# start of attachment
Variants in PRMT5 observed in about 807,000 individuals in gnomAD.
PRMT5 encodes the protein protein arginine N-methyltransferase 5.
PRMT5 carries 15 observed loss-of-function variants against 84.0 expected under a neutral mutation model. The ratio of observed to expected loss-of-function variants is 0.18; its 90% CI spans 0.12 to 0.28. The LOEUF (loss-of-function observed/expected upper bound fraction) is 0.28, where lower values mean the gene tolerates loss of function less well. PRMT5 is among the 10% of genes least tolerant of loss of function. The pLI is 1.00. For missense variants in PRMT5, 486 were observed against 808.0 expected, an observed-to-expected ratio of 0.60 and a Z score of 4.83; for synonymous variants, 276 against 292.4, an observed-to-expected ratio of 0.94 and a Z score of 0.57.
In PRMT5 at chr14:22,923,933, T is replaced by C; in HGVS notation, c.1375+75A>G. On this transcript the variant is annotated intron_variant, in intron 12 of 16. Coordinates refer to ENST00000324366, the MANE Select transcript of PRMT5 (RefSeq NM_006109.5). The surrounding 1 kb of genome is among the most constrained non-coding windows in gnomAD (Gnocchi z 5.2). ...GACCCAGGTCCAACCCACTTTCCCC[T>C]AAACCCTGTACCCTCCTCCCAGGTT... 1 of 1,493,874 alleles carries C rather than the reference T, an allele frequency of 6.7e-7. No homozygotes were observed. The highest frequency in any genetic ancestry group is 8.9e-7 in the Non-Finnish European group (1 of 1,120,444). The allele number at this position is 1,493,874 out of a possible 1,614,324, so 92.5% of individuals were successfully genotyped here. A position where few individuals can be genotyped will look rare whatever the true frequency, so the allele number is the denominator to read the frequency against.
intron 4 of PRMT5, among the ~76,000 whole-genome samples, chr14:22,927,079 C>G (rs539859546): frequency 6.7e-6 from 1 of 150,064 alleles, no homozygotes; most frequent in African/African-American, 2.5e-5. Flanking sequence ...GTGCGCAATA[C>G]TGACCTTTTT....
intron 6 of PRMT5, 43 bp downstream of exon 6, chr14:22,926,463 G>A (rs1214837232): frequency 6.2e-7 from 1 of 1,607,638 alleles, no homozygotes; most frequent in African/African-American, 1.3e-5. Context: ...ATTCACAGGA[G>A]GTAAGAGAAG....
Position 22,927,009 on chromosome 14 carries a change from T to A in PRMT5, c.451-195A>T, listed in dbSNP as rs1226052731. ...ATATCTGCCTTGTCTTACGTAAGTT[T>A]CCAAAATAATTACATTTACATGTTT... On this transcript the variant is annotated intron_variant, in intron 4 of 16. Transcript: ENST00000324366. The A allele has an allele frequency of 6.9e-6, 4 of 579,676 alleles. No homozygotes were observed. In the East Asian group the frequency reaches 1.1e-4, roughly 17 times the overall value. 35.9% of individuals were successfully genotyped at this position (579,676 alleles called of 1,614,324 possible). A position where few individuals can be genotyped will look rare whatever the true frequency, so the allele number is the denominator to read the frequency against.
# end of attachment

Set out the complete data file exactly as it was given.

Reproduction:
Variants in PRMT5 observed in about 807,000 individuals in gnomAD.
PRMT5 encodes the protein protein arginine N-methyltransferase 5.
PRMT5 carries 15 observed loss-of-function variants against 84.0 expected under a neutral mutation model. The ratio of observed to expected loss-of-function variants is 0.18; its 90% CI spans 0.12 to 0.28. The LOEUF (loss-of-function observed/expected upper bound fraction) is 0.28, where lower values mean the gene tolerates loss of function less well. PRMT5 is among the 10% of genes least tolerant of loss of function. The pLI is 1.00. For missense variants in PRMT5, 486 were observed against 808.0 expected, an observed-to-expected ratio of 0.60 and a Z score of 4.83; for synonymous variants, 276 against 292.4, an observed-to-expected ratio of 0.94 and a Z score of 0.57.
In PRMT5 at chr14:22,923,933, T is replaced by C; in HGVS notation, c.1375+75A>G. On this transcript the variant is annotated intron_variant, in intron 12 of 16. Coordinates refer to ENST00000324366, the MANE Select transcript of PRMT5 (RefSeq NM_006109.5). The surrounding 1 kb of genome is among the most constrained non-coding windows in gnomAD (Gnocchi z 5.2). ...GACCCAGGTCCAACCCACTTTCCCC[T>C]AAACCCTGTACCCTCCTCCCAGGTT... 1 of 1,493,874 alleles carries C rather than the reference T, an allele frequency of 6.7e-7. No homozygotes were observed. The highest frequency in any genetic ancestry group is 8.9e-7 in the Non-Finnish European group (1 of 1,120,444). The allele number at this position is 1,493,874 out of a possible 1,614,324, so 92.5% of individuals were successfully genotyped here. A position where few individuals can be genotyped will look rare whatever the true frequency, so the allele number is the denominator to read the frequency against.
intron 4 of PRMT5, among the ~76,000 whole-genome samples, chr14:22,927,079 C>G (rs539859546): frequency 6.7e-6 from 1 of 150,064 alleles, no homozygotes; most frequent in African/African-American, 2.5e-5. Flanking sequence ...GTGCGCAATA[C>G]TGACCTTTTT....
intron 6 of PRMT5, 43 bp downstream of exon 6, chr14:22,926,463 G>A (rs1214837232): frequency 6.2e-7 from 1 of 1,607,638 alleles, no homozygotes; most frequent in African/African-American, 1.3e-5. Context: ...ATTCACAGGA[G>A]GTAAGAGAAG....
Position 22,927,009 on chromosome 14 carries a change from T to A in PRMT5, c.451-195A>T, listed in dbSNP as rs1226052731. ...ATATCTGCCTTGTCTTACGTAAGTT[T>A]CCAAAATAATTACATTTACATGTTT... On this transcript the variant is annotated intron_variant, in intron 4 of 16. Transcript: ENST00000324366. The A allele has an allele frequency of 6.9e-6, 4 of 579,676 alleles. No homozygotes were observed. In the East Asian group the frequency reaches 1.1e-4, roughly 17 times the overall value. 35.9% of individuals were successfully genotyped at this position (579,676 alleles called of 1,614,324 possible). A position where few individuals can be genotyped will look rare whatever the true frequency, so the allele number is the denominator to read the frequency against.